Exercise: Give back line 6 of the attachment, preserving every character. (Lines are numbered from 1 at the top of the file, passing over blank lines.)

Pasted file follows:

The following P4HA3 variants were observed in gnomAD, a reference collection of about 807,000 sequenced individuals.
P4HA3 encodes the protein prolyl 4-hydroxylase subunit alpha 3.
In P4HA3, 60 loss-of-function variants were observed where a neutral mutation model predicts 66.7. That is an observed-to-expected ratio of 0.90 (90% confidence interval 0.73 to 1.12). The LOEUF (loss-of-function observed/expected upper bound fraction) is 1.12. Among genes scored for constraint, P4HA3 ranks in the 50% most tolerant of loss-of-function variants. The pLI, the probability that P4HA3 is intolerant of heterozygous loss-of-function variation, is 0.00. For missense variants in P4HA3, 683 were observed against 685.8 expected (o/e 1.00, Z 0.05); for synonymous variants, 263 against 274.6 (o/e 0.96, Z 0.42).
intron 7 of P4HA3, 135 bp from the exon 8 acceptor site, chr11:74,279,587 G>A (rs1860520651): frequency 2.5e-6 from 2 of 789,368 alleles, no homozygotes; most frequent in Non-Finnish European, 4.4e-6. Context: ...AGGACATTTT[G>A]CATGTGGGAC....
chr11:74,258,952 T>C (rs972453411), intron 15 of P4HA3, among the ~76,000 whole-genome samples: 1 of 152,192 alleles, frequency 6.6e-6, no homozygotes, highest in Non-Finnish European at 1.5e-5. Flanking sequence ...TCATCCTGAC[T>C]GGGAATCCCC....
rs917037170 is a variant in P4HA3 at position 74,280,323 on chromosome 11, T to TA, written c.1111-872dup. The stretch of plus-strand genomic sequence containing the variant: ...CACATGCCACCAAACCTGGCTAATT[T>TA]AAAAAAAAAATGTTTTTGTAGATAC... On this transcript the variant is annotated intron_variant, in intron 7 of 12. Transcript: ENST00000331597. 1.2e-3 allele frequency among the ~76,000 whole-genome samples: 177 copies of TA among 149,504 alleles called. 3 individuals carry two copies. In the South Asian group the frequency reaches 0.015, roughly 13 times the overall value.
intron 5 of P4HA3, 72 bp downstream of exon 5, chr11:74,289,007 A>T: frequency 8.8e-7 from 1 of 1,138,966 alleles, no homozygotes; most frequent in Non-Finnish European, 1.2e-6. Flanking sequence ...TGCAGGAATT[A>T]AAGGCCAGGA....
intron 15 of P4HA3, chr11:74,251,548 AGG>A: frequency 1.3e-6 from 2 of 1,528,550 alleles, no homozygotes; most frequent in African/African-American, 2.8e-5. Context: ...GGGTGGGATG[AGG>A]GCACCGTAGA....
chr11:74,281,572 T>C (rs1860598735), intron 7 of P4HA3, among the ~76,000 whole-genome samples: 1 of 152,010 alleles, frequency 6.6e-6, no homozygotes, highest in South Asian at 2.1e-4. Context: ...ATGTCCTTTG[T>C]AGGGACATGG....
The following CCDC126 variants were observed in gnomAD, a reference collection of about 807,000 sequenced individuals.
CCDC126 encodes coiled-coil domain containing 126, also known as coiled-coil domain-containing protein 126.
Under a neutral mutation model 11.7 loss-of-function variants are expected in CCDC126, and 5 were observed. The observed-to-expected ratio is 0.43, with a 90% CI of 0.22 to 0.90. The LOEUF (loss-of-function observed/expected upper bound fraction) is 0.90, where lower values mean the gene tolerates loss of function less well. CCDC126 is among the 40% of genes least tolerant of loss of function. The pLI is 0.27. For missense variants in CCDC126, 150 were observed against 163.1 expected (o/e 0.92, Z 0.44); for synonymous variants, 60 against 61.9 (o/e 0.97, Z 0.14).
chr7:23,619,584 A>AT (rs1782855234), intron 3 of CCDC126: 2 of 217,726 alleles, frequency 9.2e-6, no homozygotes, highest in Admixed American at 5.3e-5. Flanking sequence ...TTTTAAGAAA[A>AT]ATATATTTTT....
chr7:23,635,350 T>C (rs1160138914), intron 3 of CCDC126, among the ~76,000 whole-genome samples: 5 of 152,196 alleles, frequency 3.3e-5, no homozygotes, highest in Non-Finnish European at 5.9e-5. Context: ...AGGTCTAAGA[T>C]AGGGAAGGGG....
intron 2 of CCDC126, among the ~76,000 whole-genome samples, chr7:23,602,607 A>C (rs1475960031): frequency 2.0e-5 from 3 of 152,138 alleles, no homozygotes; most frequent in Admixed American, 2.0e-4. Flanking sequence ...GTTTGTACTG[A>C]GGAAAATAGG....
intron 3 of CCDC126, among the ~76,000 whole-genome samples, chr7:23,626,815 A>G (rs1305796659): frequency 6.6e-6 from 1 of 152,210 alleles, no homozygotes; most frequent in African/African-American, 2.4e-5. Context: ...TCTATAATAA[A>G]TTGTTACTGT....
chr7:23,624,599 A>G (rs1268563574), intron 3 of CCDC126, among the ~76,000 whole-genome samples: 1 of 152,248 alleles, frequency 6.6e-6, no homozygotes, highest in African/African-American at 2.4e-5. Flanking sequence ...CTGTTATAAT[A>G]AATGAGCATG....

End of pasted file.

rs917037170 is a variant in P4HA3 at position 74,280,323 on chromosome 11, T to TA, written c.1111-872dup. The stretch of plus-strand genomic sequence containing the variant: ...CACATGCCACCAAACCTGGCTAATT[T>TA]AAAAAAAAAATGTTTTTGTAGATAC... On this transcript the variant is annotated intron_variant, in intron 7 of 12. Transcript: ENST00000331597. 1.2e-3 allele frequency among the ~76,000 whole-genome samples: 177 copies of TA among 149,504 alleles called. 3 individuals carry two copies. In the South Asian group the frequency reaches 0.015, roughly 13 times the overall value.